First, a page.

By Panah Bhalla
As we begin our holiday shopping this year, it is hard not to notice how important electric and electronic devices have become in our everyday lives. But with their welcomed constant upgrades, we have to figure out what to do with these products when they stop working or become outdated “e-waste”. As was mentioned by a previous blogger, electronic devices can contain valuable resources such as copper, gold, and silver. But they can also contain harmful materials such as lead and mercury that can pollute the environment and affect human health. A study I read recently estimated that e-waste could increase by 700% over the next 15 years. This growth presents a particular risk for developing countries, where impoverished communities dismantle old appliances and electronics by hand and without adequate safety precautions in order to make money from the scrap metal inside. In addition to the supply of old devices from their own countries, the growing stream of e-waste that ends up in developing nations around the world includes items that were purchased, used, and disposed of in countries like the United States.
Last month I participated in a workshop in Taiwan on how to manage e-waste in an environmentally sound manner. I joined representatives from 13 countries including Indonesia, Malaysia, India, Nigeria, Ghana, El Salvador and Trinidad and Tobago. The bulk of the workshop focused on the recycling system in Taiwan, where fees from producers and importers of new electronics are used to subsidize the safe recycling of e-waste. From the outset, participants asked detailed questions, wanting to know all the intricacies of the fee-based system.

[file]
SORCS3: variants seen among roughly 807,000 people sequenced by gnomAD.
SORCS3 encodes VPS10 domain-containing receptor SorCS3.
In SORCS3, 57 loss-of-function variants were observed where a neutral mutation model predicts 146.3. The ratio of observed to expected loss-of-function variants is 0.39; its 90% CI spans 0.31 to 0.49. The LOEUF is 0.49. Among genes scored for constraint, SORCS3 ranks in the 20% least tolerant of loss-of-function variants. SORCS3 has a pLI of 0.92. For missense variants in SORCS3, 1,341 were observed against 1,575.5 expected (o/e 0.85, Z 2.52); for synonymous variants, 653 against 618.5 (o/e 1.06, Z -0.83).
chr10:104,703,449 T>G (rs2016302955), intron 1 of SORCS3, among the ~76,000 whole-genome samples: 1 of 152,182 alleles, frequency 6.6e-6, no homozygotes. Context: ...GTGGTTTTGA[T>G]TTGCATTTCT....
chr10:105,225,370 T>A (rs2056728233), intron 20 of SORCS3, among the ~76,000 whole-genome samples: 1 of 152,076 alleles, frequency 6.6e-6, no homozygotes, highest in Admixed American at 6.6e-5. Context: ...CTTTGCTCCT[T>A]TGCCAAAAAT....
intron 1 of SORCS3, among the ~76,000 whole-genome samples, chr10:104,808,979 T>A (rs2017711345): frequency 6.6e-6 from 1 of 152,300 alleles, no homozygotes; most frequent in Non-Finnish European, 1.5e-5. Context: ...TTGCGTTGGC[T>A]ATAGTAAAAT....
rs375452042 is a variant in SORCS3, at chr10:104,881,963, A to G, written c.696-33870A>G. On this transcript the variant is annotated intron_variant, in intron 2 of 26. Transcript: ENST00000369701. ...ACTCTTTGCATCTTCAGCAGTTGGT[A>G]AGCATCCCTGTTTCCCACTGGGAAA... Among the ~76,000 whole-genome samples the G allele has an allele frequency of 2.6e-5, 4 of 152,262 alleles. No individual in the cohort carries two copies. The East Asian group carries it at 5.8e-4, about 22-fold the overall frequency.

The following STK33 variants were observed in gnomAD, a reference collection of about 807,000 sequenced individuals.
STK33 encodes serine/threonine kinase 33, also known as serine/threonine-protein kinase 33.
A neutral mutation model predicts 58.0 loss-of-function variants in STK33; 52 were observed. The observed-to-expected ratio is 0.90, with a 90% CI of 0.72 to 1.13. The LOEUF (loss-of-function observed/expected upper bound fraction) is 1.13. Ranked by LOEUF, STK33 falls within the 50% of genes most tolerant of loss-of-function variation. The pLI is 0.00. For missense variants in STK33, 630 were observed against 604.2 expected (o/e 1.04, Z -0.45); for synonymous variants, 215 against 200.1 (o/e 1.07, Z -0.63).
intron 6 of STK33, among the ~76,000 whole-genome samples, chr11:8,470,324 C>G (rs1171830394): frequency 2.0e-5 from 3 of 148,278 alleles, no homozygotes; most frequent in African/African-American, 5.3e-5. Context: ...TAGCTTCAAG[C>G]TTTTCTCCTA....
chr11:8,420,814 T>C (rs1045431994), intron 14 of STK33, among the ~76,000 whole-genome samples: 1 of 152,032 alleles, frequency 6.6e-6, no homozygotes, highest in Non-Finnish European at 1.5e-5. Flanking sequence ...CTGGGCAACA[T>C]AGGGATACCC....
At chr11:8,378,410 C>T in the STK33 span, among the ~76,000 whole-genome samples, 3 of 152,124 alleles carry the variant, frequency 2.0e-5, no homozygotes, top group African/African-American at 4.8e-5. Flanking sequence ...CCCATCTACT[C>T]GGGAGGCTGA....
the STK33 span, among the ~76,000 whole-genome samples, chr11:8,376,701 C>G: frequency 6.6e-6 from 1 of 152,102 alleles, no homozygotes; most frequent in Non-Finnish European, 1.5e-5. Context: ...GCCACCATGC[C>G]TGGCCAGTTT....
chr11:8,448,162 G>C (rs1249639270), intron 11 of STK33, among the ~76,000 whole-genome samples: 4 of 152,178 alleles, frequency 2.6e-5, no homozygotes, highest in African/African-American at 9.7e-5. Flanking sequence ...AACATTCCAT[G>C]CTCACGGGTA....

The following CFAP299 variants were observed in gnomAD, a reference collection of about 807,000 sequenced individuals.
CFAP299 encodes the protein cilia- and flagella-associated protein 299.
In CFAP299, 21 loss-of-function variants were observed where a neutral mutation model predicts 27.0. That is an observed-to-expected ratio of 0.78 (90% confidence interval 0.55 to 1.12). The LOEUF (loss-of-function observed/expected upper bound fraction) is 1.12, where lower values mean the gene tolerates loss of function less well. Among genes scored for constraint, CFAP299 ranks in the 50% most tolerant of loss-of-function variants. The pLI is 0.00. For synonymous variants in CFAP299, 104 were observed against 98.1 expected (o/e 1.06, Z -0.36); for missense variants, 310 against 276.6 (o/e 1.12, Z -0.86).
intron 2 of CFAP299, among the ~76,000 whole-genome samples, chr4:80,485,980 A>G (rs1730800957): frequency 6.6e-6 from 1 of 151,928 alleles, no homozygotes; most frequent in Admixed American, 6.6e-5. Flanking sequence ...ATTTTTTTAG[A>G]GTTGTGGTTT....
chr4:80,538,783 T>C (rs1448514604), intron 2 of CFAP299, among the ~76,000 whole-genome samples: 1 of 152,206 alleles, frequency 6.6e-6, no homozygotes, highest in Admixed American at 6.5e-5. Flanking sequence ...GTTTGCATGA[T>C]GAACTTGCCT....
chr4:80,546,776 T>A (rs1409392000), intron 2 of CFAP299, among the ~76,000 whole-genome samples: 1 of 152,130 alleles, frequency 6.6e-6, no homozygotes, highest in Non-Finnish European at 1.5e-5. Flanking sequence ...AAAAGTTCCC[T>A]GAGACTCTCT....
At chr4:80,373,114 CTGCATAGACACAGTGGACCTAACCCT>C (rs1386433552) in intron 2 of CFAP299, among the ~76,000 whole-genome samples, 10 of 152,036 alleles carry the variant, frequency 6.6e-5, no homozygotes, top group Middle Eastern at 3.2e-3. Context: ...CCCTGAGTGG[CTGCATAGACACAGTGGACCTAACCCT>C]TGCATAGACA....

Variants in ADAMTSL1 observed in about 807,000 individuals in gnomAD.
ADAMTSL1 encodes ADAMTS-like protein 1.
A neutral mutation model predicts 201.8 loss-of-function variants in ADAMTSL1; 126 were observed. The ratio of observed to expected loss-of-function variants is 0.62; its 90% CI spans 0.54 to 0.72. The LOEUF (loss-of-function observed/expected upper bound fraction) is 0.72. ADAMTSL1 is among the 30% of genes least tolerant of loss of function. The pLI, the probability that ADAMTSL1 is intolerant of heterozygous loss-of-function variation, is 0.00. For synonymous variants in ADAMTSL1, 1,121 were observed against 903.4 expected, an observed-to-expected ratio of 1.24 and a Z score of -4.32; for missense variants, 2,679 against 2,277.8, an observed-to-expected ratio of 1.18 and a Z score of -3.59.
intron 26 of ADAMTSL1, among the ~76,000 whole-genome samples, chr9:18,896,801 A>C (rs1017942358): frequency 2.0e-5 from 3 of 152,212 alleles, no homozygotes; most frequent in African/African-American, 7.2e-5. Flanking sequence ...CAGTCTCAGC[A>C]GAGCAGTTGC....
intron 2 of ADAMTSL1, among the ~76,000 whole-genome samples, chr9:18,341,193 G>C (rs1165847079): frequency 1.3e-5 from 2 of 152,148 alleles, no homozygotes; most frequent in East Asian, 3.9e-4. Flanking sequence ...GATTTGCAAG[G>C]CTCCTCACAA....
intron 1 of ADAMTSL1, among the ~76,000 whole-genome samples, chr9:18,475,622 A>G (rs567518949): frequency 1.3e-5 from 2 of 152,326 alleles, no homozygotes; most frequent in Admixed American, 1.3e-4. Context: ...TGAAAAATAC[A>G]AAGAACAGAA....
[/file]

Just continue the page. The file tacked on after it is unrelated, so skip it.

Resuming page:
As I watched the discussions unfold, I realized that this workshop was a perfect example of why the President’s National Strategy for Electronics Stewardship charged EPA to work with developing countries on safe e-waste management. At this workshop, we were all working towards the common goal of reducing threats to health and the environment while maintaining economic opportunities for individuals involved in recycling. Nobody had all of the answers, but everybody was learning from each other and identifying new strategies they could implement back home. At the end of the week, we decided to create a formal network to help us share our experiences on an ongoing basis. It is clear that the pollution and health threats associated with e-waste recycling are significant, but by taking a collaborative international approach like this, we all stand to benefit. As we shop for family and friends this holiday season, we can feel confident that the global community is working together to address the challenge of recycling these gadgets safely.
To learn more about my work visit
About the author: Panah Bhalla works in the Office of International and Tribal Affairs as the lead on e-waste issues for the Asia-Pacific and Latin American/Caribbean regions. She holds a Master’s degree in Environmental Management and lives in Washington, D.C.